20. I’ve been laughing out loud at some of the comments here. I scored 83 on Same Face. I’d love to see the pictures slower and see what I chose. For some of them I knew they were different but I couldn’t remember which key was which. When I started out, I was using one hand only. Once I decided to use left hand for 1 and right hand for 2, I did better in that regard.

    On the memory test, I scored 56. When I had to memorize a face, I did better with the ones who reminded me of people or characters I know. I had one I called Jimmy Fallon, and another called Ralph Fiennes, and another that reminded me of an ugly rubber toy I’m familiar with. A couple of other ones I couldn’t remember at all.

    I generally do pretty well with faces of people who are interesting and unique. But when I meet a bunch of bland (personality) people with similar hair color and features, I don’t expend much energy remembering which is which. I am often finding that people remind me of other people due to similar features, but I don’t necessarily mistake them for one another. I’m very good at identifying the same actors in different roles, even if now in my middle age I forget their names.

    Not sure what all this means, aside from me probably not having faceblindness.

    1. Are you talking about the rubber toy that you squeeze it and the eyes/ears/nose pop out? 🙂 Because I kind of thought one of the men looked like that (the version of the toy I’m thinking of, at least) too.

  21. This was a really interesting test for me, as I’ve always assumed that I’m not faceblind because I’m better than my mother at recognising people (if she needs to find someone, she’ll ask me what they were wearing that day). But I scored 84 (average was 82.5) and only better than 3/10 on the first part and 42 (average was 52.49) and better than 1/10 on the second part. I was only able to recognise two faces on the second part–one because of thin lips and the other because of expression, but I was able to eliminate some faces on that part because they looked so familiar or distinctive that I knew they couldn’t be any of the 6 I was supposed to look for (one looked like a dragon or gargoyle to me).

    Thinking about how I recognise people, though, I realise I probably am somewhat faceblind. I don’t immediately recognise people from my martial arts class out of context, even though I know two of the instructors are also professors at my college. I guess I kind of assumed everyone was like that, because I’m not as bad at it as my mother.

    And I’m involved in an on-campus event that a few hundred people participate in. People often recognise me from that and I have no idea who they are. I just assumed the latter was the fact that I’m pretty active in the event and so there are just too many people for me to recognise them. Now I’m thinking faceblindness may play a part in that as well.

    1. I do the same thing you mom does and never realized it was unusual until recently. It’s always interesting to me how we base our level of “impairment” on a relative scale of how impaired other family members are. 🙂 I guess what seems normal growing up or in our household becomes our benchmark for normal until we have a lot of experience outside the family later on in life.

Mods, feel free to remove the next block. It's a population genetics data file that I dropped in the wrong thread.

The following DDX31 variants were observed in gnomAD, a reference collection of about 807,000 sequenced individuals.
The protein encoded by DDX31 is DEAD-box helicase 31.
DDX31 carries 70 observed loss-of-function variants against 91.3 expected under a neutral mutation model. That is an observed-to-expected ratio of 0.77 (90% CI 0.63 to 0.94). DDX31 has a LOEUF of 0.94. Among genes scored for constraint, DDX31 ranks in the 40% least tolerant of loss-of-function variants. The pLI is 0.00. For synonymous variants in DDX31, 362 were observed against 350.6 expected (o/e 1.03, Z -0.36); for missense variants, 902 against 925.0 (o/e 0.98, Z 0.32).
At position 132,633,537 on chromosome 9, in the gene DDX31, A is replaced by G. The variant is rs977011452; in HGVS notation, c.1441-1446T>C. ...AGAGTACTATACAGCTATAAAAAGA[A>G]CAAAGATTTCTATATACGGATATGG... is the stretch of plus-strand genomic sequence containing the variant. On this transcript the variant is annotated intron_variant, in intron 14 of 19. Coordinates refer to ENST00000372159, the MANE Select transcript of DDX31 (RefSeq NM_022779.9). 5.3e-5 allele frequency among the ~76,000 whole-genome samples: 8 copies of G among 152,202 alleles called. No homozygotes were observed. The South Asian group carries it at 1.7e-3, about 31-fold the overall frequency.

22. I really love your blog. That said, I despise this face test. I know that I am face-blind, but I scored higher than average on the tests. I think that the tests ought to be called “photo or picture-recognition tests” instead. Sometimes I don’t recognize my beloved husband of 36 years; and other members of my family. I don’t like looking into mirrors, because I am often startled by the stranger staring back at me.
    Again, LOVE, love your blog!

    1. I think photo-recognition would be a much better name for it too. This past weekend I nearly walked right by daughter as I was exiting the restroom of a restaurant because I wasn’t expecting her to be there. If she hadn’t made an obvious “hi mom!” face, I wouldn’t have known it was her. It keeps life interesting at least. 🙂

      Glad you’re enjoying the blog!

  23. I got better than 1/10 on the first part, but that’s not a surprise at all. If someone comes up to me unexpectedly, it takes me a few minutes to process who they are. On the second one I got better than 4/10. I named the faces when I was supposed to be memorizing them and called them things like “Dead and Creepy Eyes,” “Jon from Jon and Kate plus 8,” “Slightly Crooked Chin Dude,” and other things like that, so then when they popped up in the line up they were the ones I recognized. If I didn’t name them, I didn’t recognize them. And on the blurry part I was totally guessing the whole way through. I love your blog! It’s so wonderful to read, and I look forward to all your new posts.

  24. I got 70 on Are They The Same Face, above the average of 64.83 and better than 6 out of 10 who take the test.

    I got 46 on Cambridge Face Memory, below the average of 52.49 and only better than 1 out of 10 who took it.

    So my memory for faces is bad but if I can remember a face then I can recognise it well? I recall getting a surprisingly high score for the celebrity faces test despite almost never recognising people I meet who remember meeting me before. I guess this could explain that odd discrepancy.